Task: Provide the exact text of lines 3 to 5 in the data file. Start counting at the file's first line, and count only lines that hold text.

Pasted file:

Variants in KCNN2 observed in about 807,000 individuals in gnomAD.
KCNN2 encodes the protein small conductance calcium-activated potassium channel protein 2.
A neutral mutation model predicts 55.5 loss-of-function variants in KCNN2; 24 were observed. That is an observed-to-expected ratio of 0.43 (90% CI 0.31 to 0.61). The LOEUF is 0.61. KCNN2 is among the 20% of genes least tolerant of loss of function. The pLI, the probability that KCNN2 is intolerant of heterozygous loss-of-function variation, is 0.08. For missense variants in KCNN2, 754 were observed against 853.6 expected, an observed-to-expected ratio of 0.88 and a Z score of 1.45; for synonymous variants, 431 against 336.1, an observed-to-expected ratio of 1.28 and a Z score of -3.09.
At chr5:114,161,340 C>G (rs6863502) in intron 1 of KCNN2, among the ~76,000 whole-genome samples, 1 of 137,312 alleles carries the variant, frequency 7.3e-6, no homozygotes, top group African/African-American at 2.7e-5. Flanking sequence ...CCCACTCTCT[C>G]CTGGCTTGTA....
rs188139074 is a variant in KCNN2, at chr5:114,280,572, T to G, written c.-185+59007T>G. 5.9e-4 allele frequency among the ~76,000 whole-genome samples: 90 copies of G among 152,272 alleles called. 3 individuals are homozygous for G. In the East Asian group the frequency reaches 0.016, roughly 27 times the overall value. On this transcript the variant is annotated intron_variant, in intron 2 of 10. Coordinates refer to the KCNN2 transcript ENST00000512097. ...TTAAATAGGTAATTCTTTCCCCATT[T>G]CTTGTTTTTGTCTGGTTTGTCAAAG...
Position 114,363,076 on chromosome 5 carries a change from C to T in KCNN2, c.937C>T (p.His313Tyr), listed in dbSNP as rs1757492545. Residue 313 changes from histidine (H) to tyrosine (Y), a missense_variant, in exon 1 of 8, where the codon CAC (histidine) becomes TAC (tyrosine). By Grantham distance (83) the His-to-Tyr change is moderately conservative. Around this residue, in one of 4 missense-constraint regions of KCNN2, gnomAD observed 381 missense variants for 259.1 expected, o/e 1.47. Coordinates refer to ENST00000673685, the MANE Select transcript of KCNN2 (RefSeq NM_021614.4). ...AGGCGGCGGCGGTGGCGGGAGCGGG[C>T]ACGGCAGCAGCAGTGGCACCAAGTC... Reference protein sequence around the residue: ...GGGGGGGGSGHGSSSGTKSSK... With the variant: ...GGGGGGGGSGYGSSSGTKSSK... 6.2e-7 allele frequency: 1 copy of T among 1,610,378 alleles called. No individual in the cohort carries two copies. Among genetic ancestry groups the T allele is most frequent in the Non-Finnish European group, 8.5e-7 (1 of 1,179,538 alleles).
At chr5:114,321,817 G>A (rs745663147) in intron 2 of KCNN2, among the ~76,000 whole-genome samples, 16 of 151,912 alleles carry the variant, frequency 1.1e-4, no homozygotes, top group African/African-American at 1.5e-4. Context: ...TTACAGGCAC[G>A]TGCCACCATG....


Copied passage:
A neutral mutation model predicts 55.5 loss-of-function variants in KCNN2; 24 were observed. That is an observed-to-expected ratio of 0.43 (90% CI 0.31 to 0.61). The LOEUF is 0.61. KCNN2 is among the 20% of genes least tolerant of loss of function. The pLI, the probability that KCNN2 is intolerant of heterozygous loss-of-function variation, is 0.08. For missense variants in KCNN2, 754 were observed against 853.6 expected, an observed-to-expected ratio of 0.88 and a Z score of 1.45; for synonymous variants, 431 against 336.1, an observed-to-expected ratio of 1.28 and a Z score of -3.09.
At chr5:114,161,340 C>G (rs6863502) in intron 1 of KCNN2, among the ~76,000 whole-genome samples, 1 of 137,312 alleles carries the variant, frequency 7.3e-6, no homozygotes, top group African/African-American at 2.7e-5. Flanking sequence ...CCCACTCTCT[C>G]CTGGCTTGTA....
rs188139074 is a variant in KCNN2, at chr5:114,280,572, T to G, written c.-185+59007T>G. 5.9e-4 allele frequency among the ~76,000 whole-genome samples: 90 copies of G among 152,272 alleles called. 3 individuals are homozygous for G. In the East Asian group the frequency reaches 0.016, roughly 27 times the overall value. On this transcript the variant is annotated intron_variant, in intron 2 of 10. Coordinates refer to the KCNN2 transcript ENST00000512097. ...TTAAATAGGTAATTCTTTCCCCATT[T>G]CTTGTTTTTGTCTGGTTTGTCAAAG...